“There is a fairly consistent set of features from these active shooter situations,” Merkle said. “These are kids that typically are marginalized. They may be bullied or tormented. They are outliers, not part of major social groups.”
He cautioned that plenty of students fit those profiles without having outbursts. But he encouraged schools to try to bring those students into the larger social group of the school and help them build connections rather than letting them be mocked or ostracized.
Merkle said obvious signs – clear threats in person or on social media, or a spate of behavioral incidents – should be dealt with immediately. He pointed to Akron schools’ threat assessment matrix, which includes flow charts for clear steps to take depending on the severity of the issue.
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And he encouraged schools not to get lost solely in the discipline side of such cases, instead making sure that counseling or mental health angles are explored so the root causes can be addressed.
“Students finally reach a point where they’re not able to deal with it, and they emotionally react,” Merkle said.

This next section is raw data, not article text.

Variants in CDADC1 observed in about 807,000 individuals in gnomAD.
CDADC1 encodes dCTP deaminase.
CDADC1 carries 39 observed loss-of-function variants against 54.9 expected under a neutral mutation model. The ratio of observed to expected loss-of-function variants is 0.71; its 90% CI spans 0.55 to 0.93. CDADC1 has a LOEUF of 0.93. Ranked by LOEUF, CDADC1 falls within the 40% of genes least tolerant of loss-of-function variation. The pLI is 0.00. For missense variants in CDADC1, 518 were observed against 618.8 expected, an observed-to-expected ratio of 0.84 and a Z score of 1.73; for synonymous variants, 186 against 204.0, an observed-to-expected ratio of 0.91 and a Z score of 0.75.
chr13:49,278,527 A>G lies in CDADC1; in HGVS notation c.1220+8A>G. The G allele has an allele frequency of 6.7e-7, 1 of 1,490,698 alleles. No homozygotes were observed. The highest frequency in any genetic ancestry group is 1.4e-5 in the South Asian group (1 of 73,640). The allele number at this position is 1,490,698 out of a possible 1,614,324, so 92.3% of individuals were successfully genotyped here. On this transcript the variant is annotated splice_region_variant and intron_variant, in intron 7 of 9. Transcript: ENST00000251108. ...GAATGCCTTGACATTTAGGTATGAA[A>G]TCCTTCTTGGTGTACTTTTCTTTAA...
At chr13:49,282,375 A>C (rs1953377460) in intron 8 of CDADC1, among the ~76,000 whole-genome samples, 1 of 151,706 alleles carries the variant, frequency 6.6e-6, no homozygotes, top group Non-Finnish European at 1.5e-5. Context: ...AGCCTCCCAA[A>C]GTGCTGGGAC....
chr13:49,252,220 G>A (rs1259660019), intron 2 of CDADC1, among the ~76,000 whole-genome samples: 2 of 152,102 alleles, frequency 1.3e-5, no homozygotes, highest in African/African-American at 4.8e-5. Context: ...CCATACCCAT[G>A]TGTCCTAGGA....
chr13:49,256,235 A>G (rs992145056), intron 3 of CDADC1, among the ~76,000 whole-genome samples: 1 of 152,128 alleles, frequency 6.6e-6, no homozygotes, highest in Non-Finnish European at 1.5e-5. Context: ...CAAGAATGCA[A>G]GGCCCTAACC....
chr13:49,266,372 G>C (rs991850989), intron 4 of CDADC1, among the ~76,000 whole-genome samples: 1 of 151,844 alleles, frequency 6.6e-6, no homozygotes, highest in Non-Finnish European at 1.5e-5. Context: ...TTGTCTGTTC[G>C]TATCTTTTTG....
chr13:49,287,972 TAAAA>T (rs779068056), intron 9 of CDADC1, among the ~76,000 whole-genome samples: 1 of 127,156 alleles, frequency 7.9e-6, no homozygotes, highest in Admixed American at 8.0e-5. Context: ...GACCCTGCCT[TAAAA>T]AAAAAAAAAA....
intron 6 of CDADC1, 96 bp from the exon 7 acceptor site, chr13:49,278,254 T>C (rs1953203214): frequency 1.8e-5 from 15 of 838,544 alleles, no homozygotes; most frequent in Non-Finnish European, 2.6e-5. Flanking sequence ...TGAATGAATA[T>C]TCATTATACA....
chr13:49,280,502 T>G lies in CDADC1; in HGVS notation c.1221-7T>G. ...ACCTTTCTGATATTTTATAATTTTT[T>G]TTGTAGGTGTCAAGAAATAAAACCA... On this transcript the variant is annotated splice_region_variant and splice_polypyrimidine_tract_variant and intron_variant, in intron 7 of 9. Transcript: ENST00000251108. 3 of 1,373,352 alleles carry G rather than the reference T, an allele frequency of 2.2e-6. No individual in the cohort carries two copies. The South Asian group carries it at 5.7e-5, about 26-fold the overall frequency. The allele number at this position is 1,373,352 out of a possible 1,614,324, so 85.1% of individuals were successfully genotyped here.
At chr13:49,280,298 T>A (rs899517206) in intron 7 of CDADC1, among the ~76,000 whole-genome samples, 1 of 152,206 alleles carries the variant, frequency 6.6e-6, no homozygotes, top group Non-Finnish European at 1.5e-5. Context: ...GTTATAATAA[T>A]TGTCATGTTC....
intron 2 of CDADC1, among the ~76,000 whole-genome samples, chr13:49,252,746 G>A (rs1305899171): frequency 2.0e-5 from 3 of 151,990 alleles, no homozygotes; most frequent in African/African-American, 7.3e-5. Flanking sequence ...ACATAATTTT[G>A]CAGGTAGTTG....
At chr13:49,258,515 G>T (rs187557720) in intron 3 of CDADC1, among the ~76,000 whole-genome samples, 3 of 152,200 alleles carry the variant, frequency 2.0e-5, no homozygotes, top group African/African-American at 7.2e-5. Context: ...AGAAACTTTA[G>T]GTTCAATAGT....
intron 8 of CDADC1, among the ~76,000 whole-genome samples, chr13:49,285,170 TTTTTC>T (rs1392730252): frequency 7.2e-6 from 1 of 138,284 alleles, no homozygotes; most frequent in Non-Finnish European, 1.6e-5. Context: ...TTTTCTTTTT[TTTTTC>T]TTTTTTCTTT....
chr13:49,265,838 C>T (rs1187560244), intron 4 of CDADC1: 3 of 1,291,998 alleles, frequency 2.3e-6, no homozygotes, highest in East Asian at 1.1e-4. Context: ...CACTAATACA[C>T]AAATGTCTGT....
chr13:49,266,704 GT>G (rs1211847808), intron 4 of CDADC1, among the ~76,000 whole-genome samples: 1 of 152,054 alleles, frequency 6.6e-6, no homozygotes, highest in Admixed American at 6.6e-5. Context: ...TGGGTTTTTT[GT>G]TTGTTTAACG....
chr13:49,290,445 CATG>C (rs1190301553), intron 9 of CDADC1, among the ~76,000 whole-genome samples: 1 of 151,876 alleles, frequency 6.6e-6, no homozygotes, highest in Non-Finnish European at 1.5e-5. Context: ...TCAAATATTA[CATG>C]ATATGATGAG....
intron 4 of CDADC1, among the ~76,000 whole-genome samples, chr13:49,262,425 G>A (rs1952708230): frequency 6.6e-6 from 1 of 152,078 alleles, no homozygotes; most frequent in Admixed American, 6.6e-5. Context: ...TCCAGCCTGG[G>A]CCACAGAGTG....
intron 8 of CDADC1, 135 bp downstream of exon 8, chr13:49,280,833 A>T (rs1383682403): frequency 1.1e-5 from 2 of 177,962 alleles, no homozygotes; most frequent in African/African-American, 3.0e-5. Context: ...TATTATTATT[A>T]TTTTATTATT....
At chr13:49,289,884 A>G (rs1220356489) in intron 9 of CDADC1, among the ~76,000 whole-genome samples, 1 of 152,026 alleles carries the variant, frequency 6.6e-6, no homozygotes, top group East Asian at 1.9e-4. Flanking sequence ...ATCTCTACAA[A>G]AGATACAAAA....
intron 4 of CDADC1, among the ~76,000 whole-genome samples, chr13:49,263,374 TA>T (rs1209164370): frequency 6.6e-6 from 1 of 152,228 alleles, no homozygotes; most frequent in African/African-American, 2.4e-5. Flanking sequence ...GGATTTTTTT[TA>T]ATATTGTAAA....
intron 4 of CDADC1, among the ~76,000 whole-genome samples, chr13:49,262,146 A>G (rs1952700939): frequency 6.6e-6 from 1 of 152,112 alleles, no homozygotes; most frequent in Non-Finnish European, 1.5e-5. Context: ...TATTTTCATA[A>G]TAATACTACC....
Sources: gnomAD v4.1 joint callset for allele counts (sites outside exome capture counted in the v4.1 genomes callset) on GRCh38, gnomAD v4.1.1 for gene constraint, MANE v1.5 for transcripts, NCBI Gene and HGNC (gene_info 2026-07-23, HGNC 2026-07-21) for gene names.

He added that while there is value to school safety drills, school psychologists worry about the impact that intense active-shooter drills can have on young students. He urged schools to give kids a chance to talk about and process those events after they happen.
To report or not report
Many schools repeat the safety mantra, “If you see something, say something.” But one of the hardest things for students to do is decide whether they should report a certain behavior or comment to school officials – especially when it came from a friend or teammate.
Merkle said schools have to establish that it’s OK to let somebody know what’s going on if you’re concerned about a person’s welfare. He said schools that use the Positive Behavior Interventions and Supports system (PBIS) try to build that culture on a regular basis, not just when there’s an incident.
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But there’s still that question – where’s the line? Merkle said that decision involves determining the seriousness and specificity of the comment, and the ability and resources of a person to carry it out. He advised starting a threat assessment anytime there is a threat of “death, disfigurement or intractable pain, suffering or harm.”
“You do hear all the time – I’m gonna kill him, or I could just kill him,” Merkle said. “That does imply death, but the next question is, does this person have the capacity and resources to pull it off. If a kindergartener says I’m going to blow up Ms. Jones’ house, more than likely, they don’t have the capacity or resources to do it. But when a high schooler says, I’m going to jump Ms. Jones, key up her car and choke her, now there is an impending sense that this actually could occur.”